Author: Anna Barnett

Published: Murdoch Books May 2015

Status: Read on May 31, 2015 — I own a copy   {Courtesy the publisher}

My Thoughts:

In her introduction to Eat the Week: Every Meal Every Day, Anna Barnett, blogger (www.annabarnett.com), columnist (‘The Reluctant Vegetarian’ in the UK newspaper Independent) and pop up restauranteur writes,

“This book is drawn from all my enthusiasms and experiences; it’s food from and for the lives many of us lead. It’s aim is to serve as inspiration for fun, delicious dishes that you can dip in and out of, and that reflect real lives and lifestyles.”

Offering a good mix of dishes suitable for singles, couples and families with a liking for fresh, (and mostly) healthy ingredients, Eat the Week is a good resource for a home cook looking for a simple way to add a gourmet touch to everyday meals.

The large hardcover cookbook is illustrated both with full page photographs of the dishes as well as some ‘lifestyle’ shots of the author. Neatly formatted, with a sentence or two of introduction, the recipes include both metric and imperial measurements, as well as a guide to prep and cooking time as well as serving size.

What I really like about Eat the Week is the way in which it is organised. For each day of the week, ‘Budget Mondays’, ‘Lazy Tuesdays’, ‘Make it Fancy Wednesdays’, ‘Cooking for Company Thursdays’, Barely in the Kitchen Fridays’, ;Something Special Saturdays’ and ‘Slow Sundays’, Barnett offers two menus which both include a Breakfast, Lunch, Snack, Dinner, Dessert and Leftovers.

A mixed sampling of the dishes includes Muffin Tinned Huevos Rancheros; Beet and Blueberry Smoothie; Asparagus, Parmesan & Pesto Crostini; Chilli Kale Chips; Pub Peanut Noodle Salad; Haloumi & Chorizo Salad Wrap; Fishcakes with Spicy Roasted Tomato Salsa; Cheat’s Aubergine Parmigiana; Peanut Butter & Cherry Chocolate Cups; and Pineapple & Gooey Coconut Macaroon Stack. There are around 100 individual recipes, many of which are suitable for vegetarians. Few are labour intensive, most requiring a minimal amount of prep or cooking time, and appeal to varied grocery budgets.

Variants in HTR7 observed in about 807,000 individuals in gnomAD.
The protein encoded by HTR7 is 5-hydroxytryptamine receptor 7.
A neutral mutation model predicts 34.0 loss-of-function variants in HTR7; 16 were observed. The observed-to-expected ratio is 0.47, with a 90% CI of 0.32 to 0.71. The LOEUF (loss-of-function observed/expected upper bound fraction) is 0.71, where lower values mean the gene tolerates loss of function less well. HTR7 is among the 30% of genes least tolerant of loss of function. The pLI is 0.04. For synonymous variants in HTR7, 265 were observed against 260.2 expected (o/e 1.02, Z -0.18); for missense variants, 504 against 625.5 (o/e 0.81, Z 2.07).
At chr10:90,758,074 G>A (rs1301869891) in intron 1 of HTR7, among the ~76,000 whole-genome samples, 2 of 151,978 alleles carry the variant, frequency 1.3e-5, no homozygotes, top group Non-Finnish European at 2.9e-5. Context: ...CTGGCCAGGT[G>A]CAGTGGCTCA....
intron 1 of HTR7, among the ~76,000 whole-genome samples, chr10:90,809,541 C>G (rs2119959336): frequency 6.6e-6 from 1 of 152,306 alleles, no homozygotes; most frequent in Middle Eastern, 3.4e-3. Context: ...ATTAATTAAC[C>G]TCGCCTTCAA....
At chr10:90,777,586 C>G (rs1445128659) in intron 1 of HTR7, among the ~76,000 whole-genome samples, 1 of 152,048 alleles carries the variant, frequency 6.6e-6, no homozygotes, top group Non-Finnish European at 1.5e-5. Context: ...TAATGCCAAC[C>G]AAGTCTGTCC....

If you’re curious, sample pages, including recipes can be viewed via Amazon’s Look Inside feature.

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Review: Ascendance by John Birmingham

 

Title: Ascendance {Dave Hooper #3}

Author: John Birmingham

Published: PanMacmillan May 2015

Status: Read from May 28 to 30, 2015 — I own a copy   {Courtesy the publisher}

My Thoughts:

The final novel to feature rig engineer turned superhero monster slayer Dave Cooper, Ascendance picks up right where Resistance left off.

Super Dave, newly teamed with the katana wielding Russian spy Karen Warat (aka Colonel Ekatarina Varatchevsky), is in New York. Dismissing Trinder, they race to defend areas of the city under siege but are nearly overwhelmed as the Hunn continue boiling up from the underworld realm. The powers that be soon realise that the Horde is using Professor Compton’s theoretical model for collapsing western civilisation, and the world is in real peril. However Dave’s primary concern becomes his sons when he learns New Harbour is under attack and if he can’t save the world, he is determined to at least save his children.

Dave suffers badly in comparison to Karen whose training and discipline allows her to exploit her gifts, which includes an empathic ability. Not only does she wield her deadly katana like a master, she thinks strategically and seems to have her powers sussed out. Dave is pretty much left trailing in her wake like a meat-head while the choices he made in Resistance come back to haunt him.

The action in Ascendance is non-stop, violent and bloody. This is not a story for the squeamish what with splattering ichor and demon flesh and babies being tossed from buildings like confetti. To be honest I got a little bored with all the fighting, though the final confrontation was tense and exciting.

There is plenty of the bold and crass humour I’ve come to expect in this series. Dave is still a dick, Threshy’s thinkings are riotously confused and Karen adds her own brand of dry humour.

While this is supposed to be last book of a trilogy, the story definitely feels unfinished. It has been fun though.